TRIBUTES have been paid to a long-serving rural practice doctor who was one of the first National Health Service GPs.
The former Royal Army Medical Corps captain, who qualified as a doctor in 1945, started practising in Teesdale in 1950, two years after marrying his wife, Grete Lise.
Dr McIntosh, who was admired by colleagues and thousands of patients for his dedication, worked every other night on call and every other weekend on duty, often with little or means of communication and in difficult weather.
Miss McIntosh said: “In fine weather, Dad's progress up the Dale would be a bit like a stately visit. Progress would be slow and on each occasion, refreshments would be taken.
“In the days before mobile phones, my father would finish his morning surgery and set off up the dale on his round of home visits only for my mum to take an emergency call back in Middleton.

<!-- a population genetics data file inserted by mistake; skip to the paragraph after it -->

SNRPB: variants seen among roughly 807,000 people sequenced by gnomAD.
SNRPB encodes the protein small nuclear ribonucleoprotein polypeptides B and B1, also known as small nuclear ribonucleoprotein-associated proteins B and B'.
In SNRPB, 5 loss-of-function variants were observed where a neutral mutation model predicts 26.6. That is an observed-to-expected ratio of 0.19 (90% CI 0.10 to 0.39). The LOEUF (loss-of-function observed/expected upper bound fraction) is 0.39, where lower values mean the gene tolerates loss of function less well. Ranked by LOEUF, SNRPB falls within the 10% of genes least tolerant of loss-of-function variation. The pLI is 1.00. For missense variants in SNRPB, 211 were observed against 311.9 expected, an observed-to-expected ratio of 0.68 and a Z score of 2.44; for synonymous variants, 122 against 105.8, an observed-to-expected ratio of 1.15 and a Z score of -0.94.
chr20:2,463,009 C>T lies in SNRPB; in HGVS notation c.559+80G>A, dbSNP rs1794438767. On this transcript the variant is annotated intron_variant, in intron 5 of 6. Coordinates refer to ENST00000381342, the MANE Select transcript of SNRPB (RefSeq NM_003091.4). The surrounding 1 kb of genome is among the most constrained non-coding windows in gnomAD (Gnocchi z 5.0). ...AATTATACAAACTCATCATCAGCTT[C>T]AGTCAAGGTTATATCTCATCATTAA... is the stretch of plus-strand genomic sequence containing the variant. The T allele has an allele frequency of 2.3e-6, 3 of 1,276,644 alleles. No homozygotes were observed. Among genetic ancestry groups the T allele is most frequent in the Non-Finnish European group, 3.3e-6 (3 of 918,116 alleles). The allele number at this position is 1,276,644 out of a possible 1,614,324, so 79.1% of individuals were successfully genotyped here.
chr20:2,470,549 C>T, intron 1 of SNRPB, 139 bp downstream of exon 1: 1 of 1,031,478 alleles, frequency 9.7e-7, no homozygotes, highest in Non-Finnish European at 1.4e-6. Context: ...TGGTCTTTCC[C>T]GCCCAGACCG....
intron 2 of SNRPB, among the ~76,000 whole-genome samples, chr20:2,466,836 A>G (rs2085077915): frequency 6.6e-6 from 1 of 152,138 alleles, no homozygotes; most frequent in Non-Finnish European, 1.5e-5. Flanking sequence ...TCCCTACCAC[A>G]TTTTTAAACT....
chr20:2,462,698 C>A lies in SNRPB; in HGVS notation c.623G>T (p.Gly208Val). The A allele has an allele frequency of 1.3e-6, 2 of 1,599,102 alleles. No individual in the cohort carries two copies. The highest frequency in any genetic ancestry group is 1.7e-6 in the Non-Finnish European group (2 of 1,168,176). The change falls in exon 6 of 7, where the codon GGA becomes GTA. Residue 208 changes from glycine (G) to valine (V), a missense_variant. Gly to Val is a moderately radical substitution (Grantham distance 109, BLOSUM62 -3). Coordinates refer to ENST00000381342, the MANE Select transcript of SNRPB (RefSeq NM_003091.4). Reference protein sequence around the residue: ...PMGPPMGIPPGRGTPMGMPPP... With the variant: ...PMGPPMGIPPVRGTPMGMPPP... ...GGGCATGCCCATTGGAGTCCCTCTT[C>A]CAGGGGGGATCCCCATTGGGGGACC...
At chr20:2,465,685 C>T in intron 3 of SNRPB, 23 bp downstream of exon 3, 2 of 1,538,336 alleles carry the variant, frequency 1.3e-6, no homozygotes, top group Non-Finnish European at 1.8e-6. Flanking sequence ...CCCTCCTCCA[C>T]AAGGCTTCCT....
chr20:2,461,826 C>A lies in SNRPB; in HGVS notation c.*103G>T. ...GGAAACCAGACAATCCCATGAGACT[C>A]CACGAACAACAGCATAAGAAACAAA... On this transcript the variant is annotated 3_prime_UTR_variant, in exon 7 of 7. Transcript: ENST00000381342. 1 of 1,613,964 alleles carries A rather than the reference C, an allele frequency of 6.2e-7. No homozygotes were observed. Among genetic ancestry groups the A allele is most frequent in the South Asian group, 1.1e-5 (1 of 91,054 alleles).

“It was quite a challenge to find out which route he had taken and where exactly he would be in order to locate him.”
Dr McIntosh, who represented rural practices on the Local Medical Committee, was known for his dry sense of humour and tied knots in his ties to remember things.
Dr Peter Austin, who took on the practice in 1977 when Dr McIntosh retired, said while his predecessor had pushed through advances in healthcare for his patients he was a “selfless, old school Dales GP”.
Dr Austin said: “He was known for his caring attitude and the time he gave to patients, and was admired by them, his peers and his staff.”
Dr McIntosh, whose wife died four years ago, also leaves his son, Dr Iain McIntosh, a retired GP of Dacre Banks, North Yorkshire, and grandchildren Sarah, Amy and Callum.
His funeral will be held today (Friday, November 16) at 2pm, at St Mary’s Church, Middleton-in-Teesdale.